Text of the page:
The lure of an affordable cost of living and temperate climates is leading a growing
number of Americans to retire abroad. Many others are looking at the financial aspects
of the idea. In some cases it may be a return to one’s native country or that of
one’s forebears. Perhaps it’s to a place where one once worked or studied. As proof
that the attraction of foreign countries is strong, over 400,000 Social Security
checks are mailed abroad each year, according to The Only Retirement Guide You’ll
Ever Need by Kathryn and Ross Petras (Simon & Schuster).
The trend is likely to continue, according to a recent article in The New York Times.
In 2006 the first of the baby-boomers begin to reach age 60, at a rate of more than
4 million people a year.
Are you considering the possibility of retiring overseas? The following considerations
should be examined carefully prior to any decision to have a foreign retirement.
Your place of destination
If you are not completely familiar with the strength of the foreign country’s government
or its financial institutions, make that task your starting point. Stability is
the key, says John Briley, senior managing editor for iJet Intelligent Risk Systems,
an organization that monitors security around the world. Briley recommends that
retirees should consider issues such as racism, police corruption, organized crime
With regard to real estate, Briley notes that although home prices may seem very
attractive by comparison with the U.S. market, you should make certain that the
amenities that you seek are available where you ultimately will make your home.
U.S. taxes are payable on pensions sent abroad. An exclusion does apply up to a
certain limit for income earned abroad. Depending upon your state, you may not be
liable for state taxes.
Foreign taxes vary enormously, depending upon the country that you choose. Tax treaties
between the U.S. and other countries often determine the amount payable. You can
obtain a list of treaty countries and tax rates by obtaining IRS Publication 901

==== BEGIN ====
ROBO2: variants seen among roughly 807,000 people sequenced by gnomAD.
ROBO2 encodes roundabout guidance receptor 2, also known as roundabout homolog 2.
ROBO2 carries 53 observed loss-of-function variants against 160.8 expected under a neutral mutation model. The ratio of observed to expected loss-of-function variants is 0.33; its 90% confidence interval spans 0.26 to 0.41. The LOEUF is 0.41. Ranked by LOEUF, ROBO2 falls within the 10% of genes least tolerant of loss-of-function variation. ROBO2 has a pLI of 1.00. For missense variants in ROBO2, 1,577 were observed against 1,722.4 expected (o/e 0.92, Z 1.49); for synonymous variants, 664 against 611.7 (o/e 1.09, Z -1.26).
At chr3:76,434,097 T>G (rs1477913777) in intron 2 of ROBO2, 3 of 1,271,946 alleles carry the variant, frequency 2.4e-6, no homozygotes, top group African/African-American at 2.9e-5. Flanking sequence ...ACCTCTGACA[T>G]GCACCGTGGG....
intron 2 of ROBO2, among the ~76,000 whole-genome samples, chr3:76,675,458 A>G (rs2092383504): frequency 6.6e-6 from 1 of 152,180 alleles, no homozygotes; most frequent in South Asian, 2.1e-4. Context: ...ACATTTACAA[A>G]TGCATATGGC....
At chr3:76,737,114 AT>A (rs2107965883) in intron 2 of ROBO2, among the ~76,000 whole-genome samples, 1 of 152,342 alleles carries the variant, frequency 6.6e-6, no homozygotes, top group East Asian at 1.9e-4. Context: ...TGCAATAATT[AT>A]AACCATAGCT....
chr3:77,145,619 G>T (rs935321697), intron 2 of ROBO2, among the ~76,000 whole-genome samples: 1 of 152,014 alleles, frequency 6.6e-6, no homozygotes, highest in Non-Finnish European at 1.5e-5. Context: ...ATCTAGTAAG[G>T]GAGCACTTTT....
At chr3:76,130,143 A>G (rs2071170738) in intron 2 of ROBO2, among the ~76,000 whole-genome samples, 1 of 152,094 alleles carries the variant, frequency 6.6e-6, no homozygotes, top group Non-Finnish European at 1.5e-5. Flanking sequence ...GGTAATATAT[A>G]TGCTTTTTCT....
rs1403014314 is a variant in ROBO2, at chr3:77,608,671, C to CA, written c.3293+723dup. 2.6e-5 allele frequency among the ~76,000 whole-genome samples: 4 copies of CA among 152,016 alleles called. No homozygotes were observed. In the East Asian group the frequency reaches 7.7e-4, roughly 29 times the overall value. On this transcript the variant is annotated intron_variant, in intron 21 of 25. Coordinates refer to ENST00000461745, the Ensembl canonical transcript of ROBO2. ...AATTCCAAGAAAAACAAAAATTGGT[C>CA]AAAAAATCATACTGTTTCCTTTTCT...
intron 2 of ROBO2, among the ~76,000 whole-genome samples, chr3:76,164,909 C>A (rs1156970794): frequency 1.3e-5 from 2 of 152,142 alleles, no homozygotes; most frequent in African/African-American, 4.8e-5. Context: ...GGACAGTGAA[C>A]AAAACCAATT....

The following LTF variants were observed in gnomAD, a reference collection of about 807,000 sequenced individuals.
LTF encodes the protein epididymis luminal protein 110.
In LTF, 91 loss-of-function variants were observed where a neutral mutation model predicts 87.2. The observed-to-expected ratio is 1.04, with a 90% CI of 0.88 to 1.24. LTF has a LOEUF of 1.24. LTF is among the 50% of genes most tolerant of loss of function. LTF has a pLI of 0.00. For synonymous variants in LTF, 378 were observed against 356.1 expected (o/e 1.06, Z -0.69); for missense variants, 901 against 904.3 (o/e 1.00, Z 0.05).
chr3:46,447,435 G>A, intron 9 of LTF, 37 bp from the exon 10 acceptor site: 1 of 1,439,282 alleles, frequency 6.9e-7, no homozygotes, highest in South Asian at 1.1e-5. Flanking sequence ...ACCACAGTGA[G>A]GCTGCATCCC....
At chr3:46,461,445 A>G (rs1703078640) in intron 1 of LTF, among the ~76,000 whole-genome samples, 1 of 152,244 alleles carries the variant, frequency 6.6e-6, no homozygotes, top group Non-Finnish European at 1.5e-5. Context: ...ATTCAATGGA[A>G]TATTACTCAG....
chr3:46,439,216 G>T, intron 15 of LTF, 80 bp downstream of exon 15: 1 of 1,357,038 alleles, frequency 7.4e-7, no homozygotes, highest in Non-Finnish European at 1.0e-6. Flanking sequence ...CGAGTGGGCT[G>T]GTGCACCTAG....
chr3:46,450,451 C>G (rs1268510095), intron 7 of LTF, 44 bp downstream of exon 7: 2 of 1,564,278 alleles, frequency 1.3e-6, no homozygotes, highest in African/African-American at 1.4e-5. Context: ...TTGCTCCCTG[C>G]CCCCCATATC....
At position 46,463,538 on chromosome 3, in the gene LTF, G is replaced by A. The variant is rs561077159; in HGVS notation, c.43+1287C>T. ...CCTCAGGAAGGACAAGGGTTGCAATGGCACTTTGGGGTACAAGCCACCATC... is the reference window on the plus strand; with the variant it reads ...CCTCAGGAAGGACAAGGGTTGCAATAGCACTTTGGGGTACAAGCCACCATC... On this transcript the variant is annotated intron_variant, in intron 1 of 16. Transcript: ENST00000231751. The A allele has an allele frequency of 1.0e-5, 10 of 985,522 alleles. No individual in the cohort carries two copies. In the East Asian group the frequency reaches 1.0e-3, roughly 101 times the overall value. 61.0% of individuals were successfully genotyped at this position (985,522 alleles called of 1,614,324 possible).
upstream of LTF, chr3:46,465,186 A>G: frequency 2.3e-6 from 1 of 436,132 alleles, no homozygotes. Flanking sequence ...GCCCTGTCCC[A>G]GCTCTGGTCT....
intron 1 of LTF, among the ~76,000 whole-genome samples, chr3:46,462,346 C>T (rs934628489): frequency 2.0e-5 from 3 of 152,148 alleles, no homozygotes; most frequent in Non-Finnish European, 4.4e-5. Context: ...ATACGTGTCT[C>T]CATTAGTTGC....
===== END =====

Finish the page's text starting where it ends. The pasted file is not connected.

(U.S. Tax Treaties), available at www.irs.gov/pub/irs-pdf/p901.pdf or by calling
1-800-TAX-FORM (1.800.829.3676). Provincial or local taxes also may apply.
For example, Canada’s federal and provincial tax bite can be as much as 50%. Don’t
forget about inheritance taxes. Many countries have strict rules regarding disposal
of an estate upon death.
Hint: You may be able to shelter some pension funds from foreign taxation by rolling
the assets into an IRA. Check with your accountant or a foreign tax specialist to
determine whether the foreign country would view a rollover as nontaxable capital.
In most cases Social Security checks will continue to be issued. However, there
are exceptions for residents of certain countries. In the past these tended to be
the communist countries, but those on the government’s list of terrorist hotspots
also may be restricted.
Medicare doesn’t cover care outside the U.S. and its territories, except for certain
Canadian and Mexican facilities. Because many employers’ health-care insurance plans
are tied to Medicare, such plans may change for participants who move abroad. The
solution can be insuring yourself with the national insurance of your country of
residence. This insurance (particularly in Europe) may be relatively inexpensive.
Check with the country’s embassy to find out more.
If the local currency is low against the dollar, your pension payments (in dollars)
will buy more local currency. But the opposite always can be true in a changing
global money market. Protections? Invest some money in local currency, such as money
market or mutual funds, as a hedge against upward swings. Or think about an interest-bearing
account in the U.S. that pays interest in foreign currency. This account also may
maintain the protection of FDIC insurance, which you lose overseas. In either case,
you may wish to invest with a U.S. company’s branches abroad or with large multinational
Still and all, for those with the will, the way and the resources, the world is
your oyster at retirement. To help you plan, here’s a short checklist of important
• Make sure that you have revisited the country and locale at least once close to
the time of your retirement.
• Apply for a residency visa and other documents early. Be mindful of fraud if you
choose a private emigration service.
• Research shipping methods and firms. If duty-free entry is not so compelling,
consider what you’ll want to sell and repurchase abroad (washing machines, TVs,
• Inventory in writing exactly what you are taking.
And most important: Bon voyage! Don’t forget to revisit us soon.